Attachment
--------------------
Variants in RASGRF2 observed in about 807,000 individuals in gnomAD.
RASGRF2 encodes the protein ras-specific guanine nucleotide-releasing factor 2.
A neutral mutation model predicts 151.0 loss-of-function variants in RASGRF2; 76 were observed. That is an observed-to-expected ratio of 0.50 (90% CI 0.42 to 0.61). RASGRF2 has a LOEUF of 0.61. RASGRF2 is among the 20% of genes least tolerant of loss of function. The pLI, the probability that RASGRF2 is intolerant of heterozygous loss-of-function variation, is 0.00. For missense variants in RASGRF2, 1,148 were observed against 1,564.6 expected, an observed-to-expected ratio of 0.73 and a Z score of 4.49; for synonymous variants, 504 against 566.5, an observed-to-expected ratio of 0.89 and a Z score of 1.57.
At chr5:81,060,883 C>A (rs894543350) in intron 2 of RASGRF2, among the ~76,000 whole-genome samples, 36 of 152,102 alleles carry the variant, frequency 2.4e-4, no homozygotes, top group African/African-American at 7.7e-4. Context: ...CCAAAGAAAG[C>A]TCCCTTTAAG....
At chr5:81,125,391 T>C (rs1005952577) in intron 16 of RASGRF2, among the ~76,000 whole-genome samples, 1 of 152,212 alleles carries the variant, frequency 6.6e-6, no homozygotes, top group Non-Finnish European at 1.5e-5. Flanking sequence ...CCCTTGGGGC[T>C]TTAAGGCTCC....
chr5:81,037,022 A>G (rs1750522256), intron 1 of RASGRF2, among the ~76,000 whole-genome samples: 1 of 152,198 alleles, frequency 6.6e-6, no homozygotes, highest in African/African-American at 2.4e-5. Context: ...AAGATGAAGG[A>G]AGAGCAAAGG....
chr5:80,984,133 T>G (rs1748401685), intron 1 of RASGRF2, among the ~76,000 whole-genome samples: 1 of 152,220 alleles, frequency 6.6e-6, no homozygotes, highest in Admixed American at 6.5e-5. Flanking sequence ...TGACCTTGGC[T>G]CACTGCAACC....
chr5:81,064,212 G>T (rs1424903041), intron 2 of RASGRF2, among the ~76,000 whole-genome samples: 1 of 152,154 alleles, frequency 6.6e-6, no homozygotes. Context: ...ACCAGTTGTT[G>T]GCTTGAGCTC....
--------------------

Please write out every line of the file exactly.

Variants in RASGRF2 observed in about 807,000 individuals in gnomAD.
RASGRF2 encodes the protein ras-specific guanine nucleotide-releasing factor 2.
A neutral mutation model predicts 151.0 loss-of-function variants in RASGRF2; 76 were observed. That is an observed-to-expected ratio of 0.50 (90% CI 0.42 to 0.61). RASGRF2 has a LOEUF of 0.61. RASGRF2 is among the 20% of genes least tolerant of loss of function. The pLI, the probability that RASGRF2 is intolerant of heterozygous loss-of-function variation, is 0.00. For missense variants in RASGRF2, 1,148 were observed against 1,564.6 expected, an observed-to-expected ratio of 0.73 and a Z score of 4.49; for synonymous variants, 504 against 566.5, an observed-to-expected ratio of 0.89 and a Z score of 1.57.
At chr5:81,060,883 C>A (rs894543350) in intron 2 of RASGRF2, among the ~76,000 whole-genome samples, 36 of 152,102 alleles carry the variant, frequency 2.4e-4, no homozygotes, top group African/African-American at 7.7e-4. Context: ...CCAAAGAAAG[C>A]TCCCTTTAAG....
At chr5:81,125,391 T>C (rs1005952577) in intron 16 of RASGRF2, among the ~76,000 whole-genome samples, 1 of 152,212 alleles carries the variant, frequency 6.6e-6, no homozygotes, top group Non-Finnish European at 1.5e-5. Flanking sequence ...CCCTTGGGGC[T>C]TTAAGGCTCC....
chr5:81,037,022 A>G (rs1750522256), intron 1 of RASGRF2, among the ~76,000 whole-genome samples: 1 of 152,198 alleles, frequency 6.6e-6, no homozygotes, highest in African/African-American at 2.4e-5. Context: ...AAGATGAAGG[A>G]AGAGCAAAGG....
chr5:80,984,133 T>G (rs1748401685), intron 1 of RASGRF2, among the ~76,000 whole-genome samples: 1 of 152,220 alleles, frequency 6.6e-6, no homozygotes, highest in Admixed American at 6.5e-5. Flanking sequence ...TGACCTTGGC[T>G]CACTGCAACC....
chr5:81,064,212 G>T (rs1424903041), intron 2 of RASGRF2, among the ~76,000 whole-genome samples: 1 of 152,154 alleles, frequency 6.6e-6, no homozygotes. Context: ...ACCAGTTGTT[G>T]GCTTGAGCTC....